Gifted children, AI top of agenda for Maths Summit
This week’s Mathematics Summit will place high on its agenda artificial intelligence (AI) special education of gifted and developmentally challenged children.
Local and international experts will today kick off the business end of the three-day, high-level policy summit as they seek to improve student outcomes in the much-feared subject.
The summit is a partnership between the Ministry of Education and The Mico University College and is being held under the theme ‘Mathematics for Sustainable Economic Growth and Job Creation’.
National mathematics coordinator Dr Tamika Benjamin told The Gleaner on Sunday that the summit would be mainly for educators, school administrators, and policymakers to help spring them into action to develop, implement, and drive policies that will provide better outcomes for students doing maths.
Particularly, there will be a global outlook on the teaching and learning of the subject, organisers say, justifying the need for the presence of international experts at the summit. They are coming from as far as Finland and Japan to share how their systems have worked to turn out world-beaters in mathematics.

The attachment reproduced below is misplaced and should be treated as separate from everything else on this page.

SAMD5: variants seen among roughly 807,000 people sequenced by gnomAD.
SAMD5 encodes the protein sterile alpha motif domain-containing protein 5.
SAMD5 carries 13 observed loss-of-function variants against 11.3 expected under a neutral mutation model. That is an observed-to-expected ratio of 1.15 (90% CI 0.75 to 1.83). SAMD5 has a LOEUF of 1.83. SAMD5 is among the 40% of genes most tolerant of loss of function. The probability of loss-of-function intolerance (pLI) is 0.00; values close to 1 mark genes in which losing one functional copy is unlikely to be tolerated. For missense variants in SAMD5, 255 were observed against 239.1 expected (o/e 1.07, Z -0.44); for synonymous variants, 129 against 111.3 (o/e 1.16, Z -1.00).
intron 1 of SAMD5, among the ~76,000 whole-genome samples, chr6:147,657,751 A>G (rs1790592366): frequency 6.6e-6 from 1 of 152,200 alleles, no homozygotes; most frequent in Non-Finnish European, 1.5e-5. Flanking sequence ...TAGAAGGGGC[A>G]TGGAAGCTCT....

“As we move towards looking at our education system from a global perspective, I hope that we really begin to look at how we have been supporting maths education,” Benjamin said, mentioning that there will be a strong focus on artificial intelligence in the classroom and the link between maths and science.
The national mathematics coordinator stated that there would be sessions where the experts would look at special math seducation for ‘gifted’ children and those who faced mental challenges.
One of the experts in the area that will be participating in the summit is Alfonso Echazarra, an analyst in the Directorate for Education and Skills at the Organisation for Economic Cooperation and Development. He is expected to posit ideas as to how Jamaica and the Caribbean can better align with international benchmarks for mathematics, with specific focus on the role of international student assessment. The latest ministry statistics show that 62 per cent of primary-school students are achieving satisfactory passes in maths, while 60 per cent of students have satisfactorily mastered the subject at the secondary level.